Q & A About Laser Cataract Surgery
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Q: When should a patient consider having cataract surgery?
Stephen Slade MD: You know, with cataract surgery it's a little different from having Lasik or having PRK. With Lasik and PRK, if I decide I wanna wait, then, I can wear glasses and contacts and likely still see 20/20. With a cataract, by definition, something's clouding my vision that glasses won't fix. So how long do you want to wait? Now, even so, cataract surgery is elective surgery. We always tell patients it's nothing to be apprehensive about, 'cause it is such good surgery. And the safety record is so good. The risks are there, and real, but low. And with laser cataract surgery, it's even better. So it's nothing to be apprehensive about. Luckily it's also something you don't have to rush into. You just won't see as well as you could, with anything until you have the cataract fixed. The cataract won't damage your eye by being in there. It's not going to, you know, damage structures. And, you know, you can, you know, take your time. Typically you could have it done next week, next month or even next year. But the vision will get worse, typically, as time goes on. And it won't get better. So when you get to the point where you can't do the things you wanna do, whether it's drive at night, read, see the golf ball at a zillion yards, or whatever you were used to doing and you can't do now. Then that's the time to start thinking about having cataract surgery. To be evaluated, see what your options are and then make up your decision. It's elective surgery. The decision is yours. We can provide the information, there's no rush. You just won't see well, typically, until you have it fixed.
Q: What is the difference between standard cataract surgery and the laser cataract surgery that you do?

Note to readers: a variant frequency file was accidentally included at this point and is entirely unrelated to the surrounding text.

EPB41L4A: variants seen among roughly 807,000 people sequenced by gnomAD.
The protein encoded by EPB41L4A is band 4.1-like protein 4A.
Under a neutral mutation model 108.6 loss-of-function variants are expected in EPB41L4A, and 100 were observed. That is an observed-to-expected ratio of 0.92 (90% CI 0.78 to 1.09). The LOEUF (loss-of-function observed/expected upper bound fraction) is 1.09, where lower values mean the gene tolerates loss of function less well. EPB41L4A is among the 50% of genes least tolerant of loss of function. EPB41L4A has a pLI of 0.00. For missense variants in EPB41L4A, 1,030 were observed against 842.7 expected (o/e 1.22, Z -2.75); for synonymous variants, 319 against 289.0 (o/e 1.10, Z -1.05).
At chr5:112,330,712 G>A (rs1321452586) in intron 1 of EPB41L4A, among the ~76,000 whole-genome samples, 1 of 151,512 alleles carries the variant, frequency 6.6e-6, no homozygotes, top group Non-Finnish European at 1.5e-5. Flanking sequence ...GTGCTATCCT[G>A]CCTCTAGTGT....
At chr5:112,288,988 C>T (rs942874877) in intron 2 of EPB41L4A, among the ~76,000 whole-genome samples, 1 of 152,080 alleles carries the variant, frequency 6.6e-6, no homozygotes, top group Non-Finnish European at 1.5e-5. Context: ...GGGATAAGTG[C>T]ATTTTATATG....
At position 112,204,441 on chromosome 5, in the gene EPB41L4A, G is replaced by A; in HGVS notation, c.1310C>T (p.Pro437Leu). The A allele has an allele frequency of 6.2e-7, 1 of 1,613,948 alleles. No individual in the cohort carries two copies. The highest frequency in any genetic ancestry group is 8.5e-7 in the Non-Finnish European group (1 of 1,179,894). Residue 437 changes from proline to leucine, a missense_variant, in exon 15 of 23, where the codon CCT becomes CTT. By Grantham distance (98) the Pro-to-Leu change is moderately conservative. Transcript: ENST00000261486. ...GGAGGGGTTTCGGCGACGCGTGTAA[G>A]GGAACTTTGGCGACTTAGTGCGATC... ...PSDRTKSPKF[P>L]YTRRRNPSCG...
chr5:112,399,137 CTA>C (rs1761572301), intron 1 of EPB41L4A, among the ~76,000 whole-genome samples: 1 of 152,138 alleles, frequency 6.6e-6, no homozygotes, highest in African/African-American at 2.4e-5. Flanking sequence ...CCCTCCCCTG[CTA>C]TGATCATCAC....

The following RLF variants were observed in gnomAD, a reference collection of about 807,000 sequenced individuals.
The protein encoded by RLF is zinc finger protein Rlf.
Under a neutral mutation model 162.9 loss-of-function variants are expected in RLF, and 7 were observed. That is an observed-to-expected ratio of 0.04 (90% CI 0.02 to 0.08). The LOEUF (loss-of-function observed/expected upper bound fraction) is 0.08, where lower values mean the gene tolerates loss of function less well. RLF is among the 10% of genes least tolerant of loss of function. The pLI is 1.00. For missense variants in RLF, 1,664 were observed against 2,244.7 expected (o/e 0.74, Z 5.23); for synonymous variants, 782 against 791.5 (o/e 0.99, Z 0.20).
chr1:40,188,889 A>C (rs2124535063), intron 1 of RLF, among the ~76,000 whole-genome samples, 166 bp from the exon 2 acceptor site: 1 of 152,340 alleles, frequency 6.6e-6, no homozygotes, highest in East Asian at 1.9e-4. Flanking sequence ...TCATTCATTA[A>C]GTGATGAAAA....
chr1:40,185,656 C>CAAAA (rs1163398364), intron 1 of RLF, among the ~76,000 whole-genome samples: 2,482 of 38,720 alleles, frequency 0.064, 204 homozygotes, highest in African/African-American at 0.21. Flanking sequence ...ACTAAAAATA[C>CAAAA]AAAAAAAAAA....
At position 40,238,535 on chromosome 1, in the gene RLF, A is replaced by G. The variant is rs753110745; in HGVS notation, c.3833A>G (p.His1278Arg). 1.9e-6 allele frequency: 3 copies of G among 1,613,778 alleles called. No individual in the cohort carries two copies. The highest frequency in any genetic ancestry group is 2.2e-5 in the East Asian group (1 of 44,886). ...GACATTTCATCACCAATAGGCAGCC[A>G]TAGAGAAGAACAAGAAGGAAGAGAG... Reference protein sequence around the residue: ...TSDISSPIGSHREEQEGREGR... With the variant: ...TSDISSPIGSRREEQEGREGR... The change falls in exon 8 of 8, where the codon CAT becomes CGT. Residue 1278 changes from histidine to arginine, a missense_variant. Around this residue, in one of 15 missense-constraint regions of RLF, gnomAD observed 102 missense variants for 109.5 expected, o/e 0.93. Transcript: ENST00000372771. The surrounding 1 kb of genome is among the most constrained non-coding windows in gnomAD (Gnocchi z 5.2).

Stephen Slade MD: Standard cataract surgery is what we've done for years and years. It's taking the cataract out, and it's a wonderful technique. It's taking the cataract out through a tiny incision, with an ultrasonic needle. That being said, the amazing advance that we've been doing this year, since February of 2010, in Houston, is laser cataract surgery. No matter what we say, uh.. people, a lot of people have always thought that we do cataract surgery with a laser. We haven't been. I mean, I- I have to tell people that every day,"No, it's not done with a laser." We do use this little ultrasonic needle. But that's been going on for about 25 years. Laser cataract surgery is actually using a laser, where there is no cutting on the eye, with metal blades. It's using the laser to do about two and a half, uhm.. of the five steps of cataract surgery. About half of the procedure, the laser now does. It's a far more precise way to make the incisions into the eye, for example, and you don't use a blade. It's a far more precise way to make the opening into the lens, without having to usea manual technique to make that opening. It's a no-touch technique to actually break apart and soften the lens, so that it can be removed more easily. It shortens the time that we spend inside the eye, and it gives us a more precise way of, uhm.. doing all of these different things to the eye. So, in our experience with it, it adds safety. A lot of different safety factors, and it adds precision.